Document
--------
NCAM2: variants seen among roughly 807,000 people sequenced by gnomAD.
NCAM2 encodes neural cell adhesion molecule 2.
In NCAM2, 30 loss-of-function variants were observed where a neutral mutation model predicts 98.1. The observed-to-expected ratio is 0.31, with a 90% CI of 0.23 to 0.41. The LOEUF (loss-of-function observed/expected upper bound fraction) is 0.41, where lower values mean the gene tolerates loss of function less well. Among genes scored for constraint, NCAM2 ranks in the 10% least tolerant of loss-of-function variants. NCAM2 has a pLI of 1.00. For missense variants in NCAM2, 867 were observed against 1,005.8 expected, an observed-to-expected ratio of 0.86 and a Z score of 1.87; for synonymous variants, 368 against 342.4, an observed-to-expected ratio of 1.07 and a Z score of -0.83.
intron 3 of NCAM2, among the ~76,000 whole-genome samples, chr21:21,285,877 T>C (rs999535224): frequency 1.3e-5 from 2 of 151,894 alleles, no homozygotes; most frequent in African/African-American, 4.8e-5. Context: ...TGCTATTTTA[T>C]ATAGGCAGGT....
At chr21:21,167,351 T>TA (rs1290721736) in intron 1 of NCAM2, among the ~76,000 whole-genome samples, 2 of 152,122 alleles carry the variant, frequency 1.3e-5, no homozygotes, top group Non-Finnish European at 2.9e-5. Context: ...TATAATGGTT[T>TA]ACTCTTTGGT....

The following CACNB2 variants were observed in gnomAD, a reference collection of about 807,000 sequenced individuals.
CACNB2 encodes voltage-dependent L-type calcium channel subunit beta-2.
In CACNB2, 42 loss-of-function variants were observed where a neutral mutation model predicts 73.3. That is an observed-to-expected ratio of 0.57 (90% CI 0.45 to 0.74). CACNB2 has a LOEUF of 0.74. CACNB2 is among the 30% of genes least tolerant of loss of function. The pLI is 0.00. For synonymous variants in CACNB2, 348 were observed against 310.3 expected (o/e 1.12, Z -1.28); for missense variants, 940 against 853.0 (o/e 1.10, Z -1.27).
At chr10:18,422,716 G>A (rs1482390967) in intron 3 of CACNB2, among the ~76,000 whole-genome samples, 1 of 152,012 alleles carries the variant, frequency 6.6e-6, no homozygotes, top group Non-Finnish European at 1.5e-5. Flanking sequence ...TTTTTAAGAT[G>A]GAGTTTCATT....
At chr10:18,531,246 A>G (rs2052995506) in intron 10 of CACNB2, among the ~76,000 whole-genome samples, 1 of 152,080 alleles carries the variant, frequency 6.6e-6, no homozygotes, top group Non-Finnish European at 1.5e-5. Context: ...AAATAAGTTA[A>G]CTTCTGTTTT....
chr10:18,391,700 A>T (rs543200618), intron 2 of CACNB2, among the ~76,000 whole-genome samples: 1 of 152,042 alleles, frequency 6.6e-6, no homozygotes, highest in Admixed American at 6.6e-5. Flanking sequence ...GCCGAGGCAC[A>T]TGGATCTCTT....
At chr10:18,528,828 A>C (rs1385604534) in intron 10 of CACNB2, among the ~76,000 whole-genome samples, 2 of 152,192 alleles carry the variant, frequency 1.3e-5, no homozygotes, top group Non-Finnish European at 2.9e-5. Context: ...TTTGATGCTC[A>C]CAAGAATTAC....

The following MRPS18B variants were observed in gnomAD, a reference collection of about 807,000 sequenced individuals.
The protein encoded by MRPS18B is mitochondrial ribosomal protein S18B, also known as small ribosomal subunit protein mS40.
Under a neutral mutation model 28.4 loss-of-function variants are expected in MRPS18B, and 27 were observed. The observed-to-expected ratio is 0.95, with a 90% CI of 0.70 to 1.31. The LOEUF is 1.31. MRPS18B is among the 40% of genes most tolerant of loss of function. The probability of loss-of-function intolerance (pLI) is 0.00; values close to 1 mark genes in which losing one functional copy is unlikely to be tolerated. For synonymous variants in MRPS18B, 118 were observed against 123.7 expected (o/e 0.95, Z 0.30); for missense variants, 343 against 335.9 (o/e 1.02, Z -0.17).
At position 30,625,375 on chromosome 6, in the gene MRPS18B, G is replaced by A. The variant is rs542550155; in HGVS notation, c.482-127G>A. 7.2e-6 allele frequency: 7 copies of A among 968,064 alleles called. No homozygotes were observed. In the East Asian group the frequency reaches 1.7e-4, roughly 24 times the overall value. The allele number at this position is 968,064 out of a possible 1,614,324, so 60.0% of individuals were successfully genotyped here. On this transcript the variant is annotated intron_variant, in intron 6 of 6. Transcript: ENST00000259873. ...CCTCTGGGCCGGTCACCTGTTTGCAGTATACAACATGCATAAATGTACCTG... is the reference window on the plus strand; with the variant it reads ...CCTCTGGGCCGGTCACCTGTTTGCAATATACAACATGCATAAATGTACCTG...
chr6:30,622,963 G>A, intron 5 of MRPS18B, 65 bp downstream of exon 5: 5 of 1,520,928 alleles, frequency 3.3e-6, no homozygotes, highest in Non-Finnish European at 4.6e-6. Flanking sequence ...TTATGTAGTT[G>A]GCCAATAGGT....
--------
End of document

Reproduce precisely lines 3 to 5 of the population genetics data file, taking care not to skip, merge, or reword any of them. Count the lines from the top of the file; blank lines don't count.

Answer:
In NCAM2, 30 loss-of-function variants were observed where a neutral mutation model predicts 98.1. The observed-to-expected ratio is 0.31, with a 90% CI of 0.23 to 0.41. The LOEUF (loss-of-function observed/expected upper bound fraction) is 0.41, where lower values mean the gene tolerates loss of function less well. Among genes scored for constraint, NCAM2 ranks in the 10% least tolerant of loss-of-function variants. NCAM2 has a pLI of 1.00. For missense variants in NCAM2, 867 were observed against 1,005.8 expected, an observed-to-expected ratio of 0.86 and a Z score of 1.87; for synonymous variants, 368 against 342.4, an observed-to-expected ratio of 1.07 and a Z score of -0.83.
intron 3 of NCAM2, among the ~76,000 whole-genome samples, chr21:21,285,877 T>C (rs999535224): frequency 1.3e-5 from 2 of 151,894 alleles, no homozygotes; most frequent in African/African-American, 4.8e-5. Context: ...TGCTATTTTA[T>C]ATAGGCAGGT....
At chr21:21,167,351 T>TA (rs1290721736) in intron 1 of NCAM2, among the ~76,000 whole-genome samples, 2 of 152,122 alleles carry the variant, frequency 1.3e-5, no homozygotes, top group Non-Finnish European at 2.9e-5. Context: ...TATAATGGTT[T>TA]ACTCTTTGGT....